The All Souls' Waiting Room: A Black Comedy about Karma and Killing Yourself
Why would a gorgeous, smart-mouthed, eighteen-year-old girl -- raised by free-loving followers of the brilliant, controversial psychoanalyst Wilhelm Reich (inventor of the orgone energy accumulator, the cloud-buster, and a stolen orgone energy motor) -- try to kill herself? What lessons does have to learn about karma and reincarnation? And what are the consequences of suicide? More
Why would a gorgeous, smart-mouthed, eighteen-year-old girl named Johnnine Hapgood -- raised by free-loving followers of the brilliant, controversial psychoanalyst Wilhelm Reich (inventor of the orgone energy accumulator, the cloud-buster, and a stolen orgone energy motor) -- try to kill herself? What lessons does she have to learn about karma and reincarnation? And what are the consequences of suicide?
Floating away from her tenement apartment in New York's Greenwich Village -- for which, she knows, new tenants were already lining up -- a near-death, out-of-body experience lands Johnnine in the infinitely vast All Souls' Waiting Room, where all souls go for re-routing in between lives.
Because of her adolescent depression, Johnnine ends up in an All Souls' version of old Vienna -- to face the very things she's been trying to escape from, a hard look at her early life, when she was caught up in a web of adult intrigues and government persecution. Xofia, the gravel-voiced essence of feminine wisdom, chides her. "You think the universe went to all the trouble of creating you just so you could off yourself?"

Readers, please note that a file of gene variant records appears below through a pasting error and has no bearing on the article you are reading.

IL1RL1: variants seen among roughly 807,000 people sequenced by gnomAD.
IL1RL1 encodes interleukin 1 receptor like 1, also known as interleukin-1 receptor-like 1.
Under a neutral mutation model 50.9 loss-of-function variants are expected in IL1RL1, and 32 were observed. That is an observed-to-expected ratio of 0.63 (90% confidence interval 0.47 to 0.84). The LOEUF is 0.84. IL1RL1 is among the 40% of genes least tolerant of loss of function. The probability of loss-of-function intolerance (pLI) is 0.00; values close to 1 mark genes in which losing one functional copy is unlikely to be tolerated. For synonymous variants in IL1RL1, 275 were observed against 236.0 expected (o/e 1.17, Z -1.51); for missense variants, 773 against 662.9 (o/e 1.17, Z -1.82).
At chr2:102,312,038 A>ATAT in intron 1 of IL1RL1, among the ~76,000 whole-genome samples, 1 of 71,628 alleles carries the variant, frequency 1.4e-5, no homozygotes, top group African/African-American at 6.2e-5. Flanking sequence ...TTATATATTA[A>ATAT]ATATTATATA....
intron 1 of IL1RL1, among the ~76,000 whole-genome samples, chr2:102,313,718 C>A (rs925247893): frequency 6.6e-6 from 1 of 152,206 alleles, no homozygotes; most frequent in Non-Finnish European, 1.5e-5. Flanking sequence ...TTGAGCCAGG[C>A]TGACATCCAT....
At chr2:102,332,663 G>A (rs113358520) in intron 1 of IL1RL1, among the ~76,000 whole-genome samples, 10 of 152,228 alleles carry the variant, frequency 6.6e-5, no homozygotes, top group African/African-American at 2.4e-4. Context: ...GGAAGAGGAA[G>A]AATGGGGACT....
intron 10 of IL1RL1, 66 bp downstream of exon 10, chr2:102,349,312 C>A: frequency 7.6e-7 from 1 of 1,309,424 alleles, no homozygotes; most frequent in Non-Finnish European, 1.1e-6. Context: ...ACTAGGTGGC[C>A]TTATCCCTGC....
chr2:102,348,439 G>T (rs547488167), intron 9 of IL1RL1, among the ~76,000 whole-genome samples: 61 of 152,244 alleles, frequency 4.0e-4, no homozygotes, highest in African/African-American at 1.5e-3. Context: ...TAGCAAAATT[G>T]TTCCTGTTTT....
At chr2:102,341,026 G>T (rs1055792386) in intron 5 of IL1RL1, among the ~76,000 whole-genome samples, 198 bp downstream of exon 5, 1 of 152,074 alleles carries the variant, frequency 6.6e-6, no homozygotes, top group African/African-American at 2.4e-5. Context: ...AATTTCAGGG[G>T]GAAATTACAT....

Johnnine has to confront the querulous shades of Wilhelm Reich, Sigmund Freud, and Carl Jung, who continue their earthly jousting in an attempt to save her. Reich favors sex as a cure-all, Jung favors art, and Freud favors dreams. They try to practice their separate brands of therapy on Johnnine's suicidal ideas but can barely contain their animosity towards each other, especially when they all fall for long-legged Xofia.
The Akashic Recorder tries to teach Johnnine that there is no such thing as death. "You only get one body per life, you know," the Recorder says. "You happen to have a good one, but whatever damage is done to it in a suicide attempt is what you'll have to live with, when or if you return."
Is Johnnine destined to become a teen suicide? Can she find her desire for life after a disastrously chaotic, unloving childhood? Is the world really a safe place for unconventional people? Without love or spirituality, she wonders, what was the "point" of living? Will she get a ticket for a "p.d.," or premature departure, (otherwise known as a youthful suicide attempt) or will she be sent back to her bohemian life in Greenwich Village?
Maybe yes, maybe no, but not without a surprising Life Review, witnessed by Jung, Freud, and Reich -- as well as Xofia, five musical cherubs, and the mysterious, all-knowing Akashic Recorder.